Dr. Muhammad Dost, formerly Aga Khan Rural Support Programme (AKRSP), Gilgit, Pakistan

Northern Areas of Pakistan cover 72,500 square km of steep, broken and mountainous land with some of the world’s highest peaks (see Figure 1). Cultivable land is extremely limited, averaging 0.075 ha. per capita while there are some 3 M livestock, mainly small stock and cattle.

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Figure 1. Map of the Northern Areas

Lack of quality fodder, especially during winter, is a major limiting factor in improving livestock production. During winter all stock has to rely on crop residues and fodder, so many animals are undernourished and weak by the spring.

Because of very limited land holdings (Figure 2), lack of water and extreme weather conditions, fodder crop cultivation is practiced on small areas. So, traditionally there is a fodder deficit from November to March, when the main summer fodder crop season (for example maize) is over and the traditional winter fodder, especially shaftal (Trifolium resupinatum) and lucerne (Medicago sativa), are still dormant during the freezing temperatures.

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Figure 2 – A typical scene in the Hunza Valley, near Gilgit in the Northern Areas (photo by Reynolds)

Due to limited land holdings, farmers also practice a highly integrated and subsistence type of farming system that is not very flexible. The majority of farmers who have livestock also have fruit trees; an integrated approach that should complement rather than compete is required. Fodder legumes such as alfalfa or lucerne (Medicago sativa), berseem (Trifolium alexandrinum), shaftal (Trifolium resupinatum), vetch (Vicia sativa), cowpeas (Vigna unguiculata) etc. can be grown in association with fruit trees, providing fodder for livestock as well as improving soil fertility through biological nitrogen fixation.

After the harvest season for maize, wheat, and potatoes, there is a potential fodder growing period of three months in the double cropping areas (i.e. the areas with an altitude of < 2,000 m where two grain crops - wheat and maize - can be planted one after the other and mature) and two months in the single cropping areas (i.e. areas with an altitude of > 2200 m where only one grain crop - either maize or wheat - can be planted) which is currently not being utilized. As water is available for irrigation and provided the crop is protected from free livestock grazing, cold-tolerant crops such as oats, barley, vetch, ryegrass etc. can be grown.

Traditional Forage Production Techniques

  • Compromise on grain production by retaining tall wheat and maize varieties with a low harvest index but a lot of straw and stover. Crop residues are carefully conserved and stored, often on roofs or in trees.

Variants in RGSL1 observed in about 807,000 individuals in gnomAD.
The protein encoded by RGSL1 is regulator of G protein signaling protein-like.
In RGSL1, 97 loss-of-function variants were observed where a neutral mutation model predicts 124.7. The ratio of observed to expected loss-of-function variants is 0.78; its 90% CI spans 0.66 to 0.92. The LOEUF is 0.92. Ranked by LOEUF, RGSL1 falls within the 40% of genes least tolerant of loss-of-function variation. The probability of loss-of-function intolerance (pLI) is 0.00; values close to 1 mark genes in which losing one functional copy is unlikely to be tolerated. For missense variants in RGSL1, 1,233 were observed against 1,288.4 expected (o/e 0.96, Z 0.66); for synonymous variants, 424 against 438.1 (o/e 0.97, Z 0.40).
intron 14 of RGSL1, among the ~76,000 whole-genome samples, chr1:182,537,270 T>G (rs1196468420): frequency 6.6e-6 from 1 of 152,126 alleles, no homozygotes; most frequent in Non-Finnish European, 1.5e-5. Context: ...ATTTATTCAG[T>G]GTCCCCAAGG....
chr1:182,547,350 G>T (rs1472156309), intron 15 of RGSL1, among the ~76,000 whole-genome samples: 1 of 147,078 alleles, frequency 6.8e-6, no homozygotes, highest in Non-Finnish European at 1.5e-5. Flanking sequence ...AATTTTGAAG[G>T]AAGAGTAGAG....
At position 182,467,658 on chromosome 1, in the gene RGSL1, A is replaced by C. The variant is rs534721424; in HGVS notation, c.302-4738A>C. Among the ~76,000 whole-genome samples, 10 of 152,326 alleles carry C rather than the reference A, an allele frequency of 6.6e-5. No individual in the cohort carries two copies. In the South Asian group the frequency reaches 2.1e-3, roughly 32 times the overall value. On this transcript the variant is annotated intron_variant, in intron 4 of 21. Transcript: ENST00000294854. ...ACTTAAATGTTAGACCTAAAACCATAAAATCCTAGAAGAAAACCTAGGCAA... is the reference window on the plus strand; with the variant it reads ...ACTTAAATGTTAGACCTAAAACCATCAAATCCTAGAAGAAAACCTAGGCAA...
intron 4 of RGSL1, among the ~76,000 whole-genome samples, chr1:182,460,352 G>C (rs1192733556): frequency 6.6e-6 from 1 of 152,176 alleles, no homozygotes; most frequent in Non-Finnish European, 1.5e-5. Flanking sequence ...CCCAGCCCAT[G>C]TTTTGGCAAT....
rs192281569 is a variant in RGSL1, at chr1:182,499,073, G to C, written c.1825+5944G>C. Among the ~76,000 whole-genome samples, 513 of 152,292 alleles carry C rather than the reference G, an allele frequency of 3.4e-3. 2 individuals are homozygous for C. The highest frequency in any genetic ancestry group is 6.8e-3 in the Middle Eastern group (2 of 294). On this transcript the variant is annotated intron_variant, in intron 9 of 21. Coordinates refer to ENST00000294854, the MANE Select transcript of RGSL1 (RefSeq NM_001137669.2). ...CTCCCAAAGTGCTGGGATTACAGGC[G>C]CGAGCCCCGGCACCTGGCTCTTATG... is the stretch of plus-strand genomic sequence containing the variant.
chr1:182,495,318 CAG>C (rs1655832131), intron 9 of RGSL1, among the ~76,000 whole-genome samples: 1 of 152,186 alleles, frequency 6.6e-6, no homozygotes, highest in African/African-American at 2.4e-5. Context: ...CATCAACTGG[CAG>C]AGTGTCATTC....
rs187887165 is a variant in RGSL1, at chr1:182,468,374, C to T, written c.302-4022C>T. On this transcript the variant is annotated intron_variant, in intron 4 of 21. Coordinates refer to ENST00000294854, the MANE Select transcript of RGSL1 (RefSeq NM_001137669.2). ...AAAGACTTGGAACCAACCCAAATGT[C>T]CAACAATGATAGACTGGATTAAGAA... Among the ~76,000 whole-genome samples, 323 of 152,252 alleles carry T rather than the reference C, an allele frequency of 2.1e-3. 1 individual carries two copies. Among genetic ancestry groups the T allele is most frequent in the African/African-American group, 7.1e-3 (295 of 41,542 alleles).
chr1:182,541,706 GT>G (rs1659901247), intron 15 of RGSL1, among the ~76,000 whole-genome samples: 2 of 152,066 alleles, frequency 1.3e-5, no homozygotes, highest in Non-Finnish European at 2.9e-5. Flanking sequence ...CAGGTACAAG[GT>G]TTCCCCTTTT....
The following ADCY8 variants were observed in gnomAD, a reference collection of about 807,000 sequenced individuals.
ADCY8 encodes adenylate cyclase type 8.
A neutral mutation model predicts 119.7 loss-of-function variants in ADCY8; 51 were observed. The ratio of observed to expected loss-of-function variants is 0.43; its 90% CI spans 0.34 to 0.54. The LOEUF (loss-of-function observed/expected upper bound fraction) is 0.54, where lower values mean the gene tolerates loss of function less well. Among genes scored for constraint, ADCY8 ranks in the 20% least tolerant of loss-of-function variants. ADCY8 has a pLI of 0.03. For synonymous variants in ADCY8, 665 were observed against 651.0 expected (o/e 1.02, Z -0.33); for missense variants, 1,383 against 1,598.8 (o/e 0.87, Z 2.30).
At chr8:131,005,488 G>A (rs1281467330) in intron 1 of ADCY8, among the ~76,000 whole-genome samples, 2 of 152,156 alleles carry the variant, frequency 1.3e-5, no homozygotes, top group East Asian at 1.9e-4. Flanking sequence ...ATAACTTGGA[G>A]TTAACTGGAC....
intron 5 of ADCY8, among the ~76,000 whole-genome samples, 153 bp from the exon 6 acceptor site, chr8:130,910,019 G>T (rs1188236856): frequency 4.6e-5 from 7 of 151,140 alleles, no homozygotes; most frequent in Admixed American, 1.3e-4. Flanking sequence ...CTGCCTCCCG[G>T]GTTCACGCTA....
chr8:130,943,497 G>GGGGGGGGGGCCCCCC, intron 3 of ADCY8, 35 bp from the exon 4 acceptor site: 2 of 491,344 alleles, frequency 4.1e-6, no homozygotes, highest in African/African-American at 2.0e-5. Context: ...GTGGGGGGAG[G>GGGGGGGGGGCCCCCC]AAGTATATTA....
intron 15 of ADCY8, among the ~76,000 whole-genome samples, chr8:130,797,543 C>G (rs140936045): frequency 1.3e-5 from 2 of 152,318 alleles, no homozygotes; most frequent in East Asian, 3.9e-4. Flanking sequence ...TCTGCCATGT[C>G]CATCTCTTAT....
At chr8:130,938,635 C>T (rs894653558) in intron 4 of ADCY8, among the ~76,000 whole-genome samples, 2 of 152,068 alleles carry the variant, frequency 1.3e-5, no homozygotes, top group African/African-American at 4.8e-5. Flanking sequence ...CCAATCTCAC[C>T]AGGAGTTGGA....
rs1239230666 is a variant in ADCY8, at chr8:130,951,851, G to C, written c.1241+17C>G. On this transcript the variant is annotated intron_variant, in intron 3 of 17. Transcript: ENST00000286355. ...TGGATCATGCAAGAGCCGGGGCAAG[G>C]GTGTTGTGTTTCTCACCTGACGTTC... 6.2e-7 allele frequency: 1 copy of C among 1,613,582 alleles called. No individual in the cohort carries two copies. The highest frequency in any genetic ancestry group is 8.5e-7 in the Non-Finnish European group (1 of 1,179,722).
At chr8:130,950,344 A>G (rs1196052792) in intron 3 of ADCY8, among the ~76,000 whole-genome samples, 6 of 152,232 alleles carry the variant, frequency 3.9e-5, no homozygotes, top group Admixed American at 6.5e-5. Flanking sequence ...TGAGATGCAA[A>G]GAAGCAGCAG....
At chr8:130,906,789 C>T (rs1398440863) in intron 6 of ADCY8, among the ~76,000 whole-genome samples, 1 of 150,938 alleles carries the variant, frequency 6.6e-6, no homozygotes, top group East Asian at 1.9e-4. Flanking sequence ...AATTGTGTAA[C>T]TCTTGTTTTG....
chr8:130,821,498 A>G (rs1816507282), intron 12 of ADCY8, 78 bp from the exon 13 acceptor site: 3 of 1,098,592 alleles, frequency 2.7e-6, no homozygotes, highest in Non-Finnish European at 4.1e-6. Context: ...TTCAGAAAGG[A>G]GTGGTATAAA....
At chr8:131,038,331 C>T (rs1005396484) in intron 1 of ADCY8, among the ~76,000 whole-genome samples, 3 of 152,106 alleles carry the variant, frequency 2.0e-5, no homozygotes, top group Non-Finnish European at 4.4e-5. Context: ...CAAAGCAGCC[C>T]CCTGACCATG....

• Sowing cereals at two to three times the recommended seed rate to permit thinning for green fodder and to increase straw production.
  • High quality leguminous fodders are grown on small areas – shaftal (Trifolium resupinatum) for green feed during spring and lucerne (Medicago sativa) for hay as winter feed (Figure 3); the lucerne varieties used, probably of Xinjiang origin, are strongly winter-dormant, excessively so for the lower altitudes, and provide few cuts. Summer grazing on alpine pastures is exploited to the maximum.
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[Figure 3 – Lucerne hay drying before being stored for the winter (photo by Reynolds)]

  • Multipurpose trees (willow [Salix sp.], mulberry [Morus sp.] and Russian olive [Elaeagnus sp.]) are planted on field edges and marginal land - their leaves and bark provide supplementary fodder in winter. In some areas leaves are dried and stored for winter use.
  • About 70 to 80 percent of the available non-alpine feed is straw and stover – its quality is too low, especially in terms of protein, for stock to meet their dietary needs, intake etc. (Figure 4). The feed conversion can be improved by urea treatment of straw and by feeding some concentrates to milking cows.
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[Figure 4 – Maize stover for winter feed]


Non winter-dormant lucerne cultivars (Sundar being the main one), introduced by the FAO project PAK/86/027, "Livestock and Poultry Improvement", have been very successful. In some cases they suffer some frost damage in high altitude areas (more than 2000 m) but grow throughout the year and give more than twice the yield of landraces (Figures 5 and 6) in the lower areas (1,400 m)

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[Figure 5 – Local lucerne (foreground) and improved lucerne (background)].

The new cultivars also provided maximum green fodder in seven cuts as compared to only three cuts from local landraces and remain green in the critical December - January period when traditional crops are usually dormant and there is a fodder deficit period.

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[Figure 6 – Improved winter-active lucerne cultivar "Sundar" in Aliabad, Hunza]

Evaluation of oat cultivar germplasm: based on forage yield, 6 oats cultivars (Figure 7), one barley, and one rye cultivar were put under trial in various agro-ecological regions of the Northern Area. Fodder oat cultivation has advanced greatly in Pakistan and especially in the Northern Areas in recent years due to extensive on-farm demonstration of forage yield potential of forage oats.

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[Figure 7 – Fodder yield trial with improved oat cultivars]

Improved oat cultivars are potentially valuable fodder for the Northern Areas, since they grow much earlier and more vigorously than other winter-grown cereals (Figure 8).

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[Figure 8 – Forage oats production during freezing temperatures]

Oats are excellent for mixed planting with berseem or lucerne (Figure 9). Lucerne was row-planted at 30 cm, which permits inter-cultivation and seeding with oats in the autumn, thereby maximizing yields per unit area.

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[Figure 9 – Lucerne intercropped with oats]